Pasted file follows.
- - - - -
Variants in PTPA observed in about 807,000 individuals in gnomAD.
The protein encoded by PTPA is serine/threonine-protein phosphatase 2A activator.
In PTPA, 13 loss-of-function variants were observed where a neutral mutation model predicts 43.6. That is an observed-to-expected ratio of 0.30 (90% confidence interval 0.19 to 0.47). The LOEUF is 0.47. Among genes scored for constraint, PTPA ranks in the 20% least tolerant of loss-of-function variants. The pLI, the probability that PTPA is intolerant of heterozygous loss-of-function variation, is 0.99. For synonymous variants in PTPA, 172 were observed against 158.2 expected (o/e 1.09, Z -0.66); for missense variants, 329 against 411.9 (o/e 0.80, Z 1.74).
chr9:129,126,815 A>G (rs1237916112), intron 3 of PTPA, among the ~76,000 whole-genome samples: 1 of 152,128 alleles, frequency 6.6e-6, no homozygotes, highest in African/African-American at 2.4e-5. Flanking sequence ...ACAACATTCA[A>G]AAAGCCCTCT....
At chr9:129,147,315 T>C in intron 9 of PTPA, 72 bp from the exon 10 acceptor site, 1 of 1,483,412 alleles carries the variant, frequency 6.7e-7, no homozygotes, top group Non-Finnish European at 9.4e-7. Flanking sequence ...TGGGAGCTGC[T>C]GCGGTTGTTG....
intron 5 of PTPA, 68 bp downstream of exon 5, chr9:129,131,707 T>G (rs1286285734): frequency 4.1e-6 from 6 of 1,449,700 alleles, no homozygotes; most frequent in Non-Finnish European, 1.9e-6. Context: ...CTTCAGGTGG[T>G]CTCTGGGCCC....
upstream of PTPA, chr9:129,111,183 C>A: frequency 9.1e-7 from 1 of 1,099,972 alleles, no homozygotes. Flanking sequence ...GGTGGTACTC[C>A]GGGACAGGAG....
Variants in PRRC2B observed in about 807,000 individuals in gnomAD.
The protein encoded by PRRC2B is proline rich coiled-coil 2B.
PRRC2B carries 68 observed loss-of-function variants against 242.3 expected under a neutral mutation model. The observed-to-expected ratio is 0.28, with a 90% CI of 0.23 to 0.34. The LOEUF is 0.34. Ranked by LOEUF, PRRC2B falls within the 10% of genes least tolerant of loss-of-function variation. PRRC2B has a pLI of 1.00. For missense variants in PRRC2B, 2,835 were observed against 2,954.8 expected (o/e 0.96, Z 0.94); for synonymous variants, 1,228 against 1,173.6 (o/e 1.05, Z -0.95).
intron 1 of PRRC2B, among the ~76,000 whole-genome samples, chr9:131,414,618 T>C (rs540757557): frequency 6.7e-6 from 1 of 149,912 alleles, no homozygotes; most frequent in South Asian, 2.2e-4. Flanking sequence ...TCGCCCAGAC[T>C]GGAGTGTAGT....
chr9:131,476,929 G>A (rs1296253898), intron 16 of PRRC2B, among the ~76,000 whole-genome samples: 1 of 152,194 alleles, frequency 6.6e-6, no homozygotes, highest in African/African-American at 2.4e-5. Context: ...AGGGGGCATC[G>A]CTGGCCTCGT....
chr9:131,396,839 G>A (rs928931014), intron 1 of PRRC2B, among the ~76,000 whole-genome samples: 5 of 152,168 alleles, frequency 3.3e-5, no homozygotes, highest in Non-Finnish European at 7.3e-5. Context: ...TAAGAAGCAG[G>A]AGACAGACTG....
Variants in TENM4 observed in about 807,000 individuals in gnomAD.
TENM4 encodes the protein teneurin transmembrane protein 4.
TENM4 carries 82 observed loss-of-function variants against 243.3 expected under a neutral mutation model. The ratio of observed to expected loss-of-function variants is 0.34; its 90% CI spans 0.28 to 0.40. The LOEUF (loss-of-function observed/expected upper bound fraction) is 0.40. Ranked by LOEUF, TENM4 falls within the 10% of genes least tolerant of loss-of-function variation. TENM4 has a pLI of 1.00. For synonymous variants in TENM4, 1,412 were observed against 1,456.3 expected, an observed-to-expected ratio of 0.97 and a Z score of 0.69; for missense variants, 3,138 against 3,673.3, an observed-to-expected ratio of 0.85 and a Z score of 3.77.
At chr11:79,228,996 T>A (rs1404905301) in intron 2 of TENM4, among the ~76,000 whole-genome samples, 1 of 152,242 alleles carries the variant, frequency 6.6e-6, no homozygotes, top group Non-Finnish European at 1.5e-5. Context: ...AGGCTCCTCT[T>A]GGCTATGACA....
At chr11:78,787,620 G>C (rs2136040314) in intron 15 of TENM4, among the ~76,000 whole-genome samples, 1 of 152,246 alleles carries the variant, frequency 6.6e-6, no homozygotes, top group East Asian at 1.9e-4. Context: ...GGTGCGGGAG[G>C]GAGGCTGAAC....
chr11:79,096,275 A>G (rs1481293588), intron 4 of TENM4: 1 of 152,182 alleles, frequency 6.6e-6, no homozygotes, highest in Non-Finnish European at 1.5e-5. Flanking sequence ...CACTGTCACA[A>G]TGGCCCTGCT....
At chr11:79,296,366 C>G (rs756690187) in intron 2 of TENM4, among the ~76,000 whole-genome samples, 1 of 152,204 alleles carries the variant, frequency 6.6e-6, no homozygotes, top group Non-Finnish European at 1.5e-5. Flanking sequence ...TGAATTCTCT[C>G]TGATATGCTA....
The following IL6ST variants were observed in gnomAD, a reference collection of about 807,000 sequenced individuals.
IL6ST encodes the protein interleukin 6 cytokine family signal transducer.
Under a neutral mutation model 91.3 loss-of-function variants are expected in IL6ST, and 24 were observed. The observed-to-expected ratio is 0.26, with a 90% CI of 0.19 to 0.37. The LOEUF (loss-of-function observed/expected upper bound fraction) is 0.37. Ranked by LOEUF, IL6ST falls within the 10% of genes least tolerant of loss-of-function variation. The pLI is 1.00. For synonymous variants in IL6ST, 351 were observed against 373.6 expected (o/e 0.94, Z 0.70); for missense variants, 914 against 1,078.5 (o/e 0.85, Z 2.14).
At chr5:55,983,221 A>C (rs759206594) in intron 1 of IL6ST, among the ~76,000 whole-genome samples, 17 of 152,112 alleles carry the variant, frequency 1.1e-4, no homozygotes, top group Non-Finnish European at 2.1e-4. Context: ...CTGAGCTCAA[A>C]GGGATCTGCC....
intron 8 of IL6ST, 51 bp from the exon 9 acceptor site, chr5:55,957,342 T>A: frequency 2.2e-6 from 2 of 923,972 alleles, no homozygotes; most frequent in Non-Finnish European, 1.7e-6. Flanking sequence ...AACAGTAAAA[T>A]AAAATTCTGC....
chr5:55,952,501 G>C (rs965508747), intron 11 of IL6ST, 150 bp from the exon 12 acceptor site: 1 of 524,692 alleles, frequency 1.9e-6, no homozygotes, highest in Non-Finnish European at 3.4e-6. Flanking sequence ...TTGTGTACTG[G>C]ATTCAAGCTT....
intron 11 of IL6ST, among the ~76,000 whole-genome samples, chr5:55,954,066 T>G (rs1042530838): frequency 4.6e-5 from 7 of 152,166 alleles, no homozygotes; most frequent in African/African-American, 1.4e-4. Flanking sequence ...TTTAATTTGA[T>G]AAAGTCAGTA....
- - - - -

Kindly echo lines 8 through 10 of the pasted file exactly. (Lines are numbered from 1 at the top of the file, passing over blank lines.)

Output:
Variants in PRRC2B observed in about 807,000 individuals in gnomAD.
The protein encoded by PRRC2B is proline rich coiled-coil 2B.
PRRC2B carries 68 observed loss-of-function variants against 242.3 expected under a neutral mutation model. The observed-to-expected ratio is 0.28, with a 90% CI of 0.23 to 0.34. The LOEUF is 0.34. Ranked by LOEUF, PRRC2B falls within the 10% of genes least tolerant of loss-of-function variation. PRRC2B has a pLI of 1.00. For missense variants in PRRC2B, 2,835 were observed against 2,954.8 expected (o/e 0.96, Z 0.94); for synonymous variants, 1,228 against 1,173.6 (o/e 1.05, Z -0.95).